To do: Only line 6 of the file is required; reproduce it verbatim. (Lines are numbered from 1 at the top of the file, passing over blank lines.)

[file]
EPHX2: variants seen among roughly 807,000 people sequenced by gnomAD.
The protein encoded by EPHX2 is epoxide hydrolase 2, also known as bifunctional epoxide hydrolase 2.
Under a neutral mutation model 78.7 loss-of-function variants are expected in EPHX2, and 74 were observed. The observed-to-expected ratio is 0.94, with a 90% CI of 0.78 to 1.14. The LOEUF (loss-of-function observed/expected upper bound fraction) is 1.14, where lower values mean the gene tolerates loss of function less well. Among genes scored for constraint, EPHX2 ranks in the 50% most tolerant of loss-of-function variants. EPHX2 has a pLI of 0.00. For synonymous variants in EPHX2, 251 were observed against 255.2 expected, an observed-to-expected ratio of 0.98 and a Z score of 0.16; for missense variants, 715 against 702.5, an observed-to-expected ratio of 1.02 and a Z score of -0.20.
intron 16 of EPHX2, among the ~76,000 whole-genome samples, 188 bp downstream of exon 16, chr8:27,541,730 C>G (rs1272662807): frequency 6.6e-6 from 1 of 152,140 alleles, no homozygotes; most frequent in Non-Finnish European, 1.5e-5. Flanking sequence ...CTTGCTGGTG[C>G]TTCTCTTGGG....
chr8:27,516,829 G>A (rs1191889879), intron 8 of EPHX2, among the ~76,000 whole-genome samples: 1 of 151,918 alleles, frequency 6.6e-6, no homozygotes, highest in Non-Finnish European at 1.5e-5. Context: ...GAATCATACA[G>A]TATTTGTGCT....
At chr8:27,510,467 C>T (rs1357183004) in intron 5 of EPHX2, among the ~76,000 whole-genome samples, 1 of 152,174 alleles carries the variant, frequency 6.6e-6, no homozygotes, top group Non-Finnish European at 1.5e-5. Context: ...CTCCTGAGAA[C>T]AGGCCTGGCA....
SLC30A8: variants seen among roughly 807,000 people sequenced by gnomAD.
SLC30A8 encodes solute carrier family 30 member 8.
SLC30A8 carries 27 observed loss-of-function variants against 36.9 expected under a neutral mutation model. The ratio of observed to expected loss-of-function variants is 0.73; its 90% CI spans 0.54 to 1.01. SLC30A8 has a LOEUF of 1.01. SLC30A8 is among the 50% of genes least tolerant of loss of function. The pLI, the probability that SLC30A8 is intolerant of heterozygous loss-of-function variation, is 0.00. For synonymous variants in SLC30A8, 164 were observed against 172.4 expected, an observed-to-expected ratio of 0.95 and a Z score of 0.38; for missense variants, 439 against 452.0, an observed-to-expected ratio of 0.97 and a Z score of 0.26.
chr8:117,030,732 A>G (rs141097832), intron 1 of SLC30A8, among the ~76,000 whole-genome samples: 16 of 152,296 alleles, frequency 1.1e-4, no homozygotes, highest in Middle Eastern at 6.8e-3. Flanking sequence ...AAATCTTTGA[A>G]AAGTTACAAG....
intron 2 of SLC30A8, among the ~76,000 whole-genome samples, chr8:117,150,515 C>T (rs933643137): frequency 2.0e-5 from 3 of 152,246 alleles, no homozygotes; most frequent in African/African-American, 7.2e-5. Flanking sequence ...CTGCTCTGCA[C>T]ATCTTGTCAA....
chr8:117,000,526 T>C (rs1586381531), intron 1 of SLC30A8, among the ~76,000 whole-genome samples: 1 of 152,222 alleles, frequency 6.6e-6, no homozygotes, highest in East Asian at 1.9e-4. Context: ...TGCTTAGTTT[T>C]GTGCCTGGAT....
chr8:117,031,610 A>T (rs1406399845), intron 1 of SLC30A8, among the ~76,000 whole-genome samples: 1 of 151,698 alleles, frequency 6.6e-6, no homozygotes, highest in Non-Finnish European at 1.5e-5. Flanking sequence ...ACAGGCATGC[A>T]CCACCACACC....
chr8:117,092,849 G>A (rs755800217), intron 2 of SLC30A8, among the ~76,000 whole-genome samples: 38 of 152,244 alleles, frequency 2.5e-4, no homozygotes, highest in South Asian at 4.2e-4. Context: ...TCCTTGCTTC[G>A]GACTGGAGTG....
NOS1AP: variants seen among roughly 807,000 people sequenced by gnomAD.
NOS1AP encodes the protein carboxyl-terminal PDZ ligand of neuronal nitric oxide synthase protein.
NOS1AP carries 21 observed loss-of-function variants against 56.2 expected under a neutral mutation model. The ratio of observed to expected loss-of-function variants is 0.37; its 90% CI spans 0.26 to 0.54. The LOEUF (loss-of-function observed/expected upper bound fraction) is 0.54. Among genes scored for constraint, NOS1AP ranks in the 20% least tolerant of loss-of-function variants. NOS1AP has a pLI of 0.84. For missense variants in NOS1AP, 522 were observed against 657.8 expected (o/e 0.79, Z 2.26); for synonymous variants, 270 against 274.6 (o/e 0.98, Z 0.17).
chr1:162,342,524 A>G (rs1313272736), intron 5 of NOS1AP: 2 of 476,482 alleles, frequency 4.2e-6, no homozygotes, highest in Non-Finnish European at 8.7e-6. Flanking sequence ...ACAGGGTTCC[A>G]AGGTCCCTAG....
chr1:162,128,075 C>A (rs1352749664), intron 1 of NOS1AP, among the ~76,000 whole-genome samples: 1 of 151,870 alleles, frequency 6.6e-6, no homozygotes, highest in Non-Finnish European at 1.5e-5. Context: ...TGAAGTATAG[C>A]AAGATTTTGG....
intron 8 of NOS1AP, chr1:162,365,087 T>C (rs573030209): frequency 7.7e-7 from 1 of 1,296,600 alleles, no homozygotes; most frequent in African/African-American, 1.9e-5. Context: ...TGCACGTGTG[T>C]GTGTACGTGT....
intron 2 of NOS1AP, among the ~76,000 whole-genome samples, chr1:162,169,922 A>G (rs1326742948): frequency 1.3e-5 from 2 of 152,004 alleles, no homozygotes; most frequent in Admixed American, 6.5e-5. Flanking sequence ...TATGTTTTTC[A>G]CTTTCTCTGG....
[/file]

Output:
At chr8:27,510,467 C>T (rs1357183004) in intron 5 of EPHX2, among the ~76,000 whole-genome samples, 1 of 152,174 alleles carries the variant, frequency 6.6e-6, no homozygotes, top group Non-Finnish European at 1.5e-5. Context: ...CTCCTGAGAA[C>T]AGGCCTGGCA....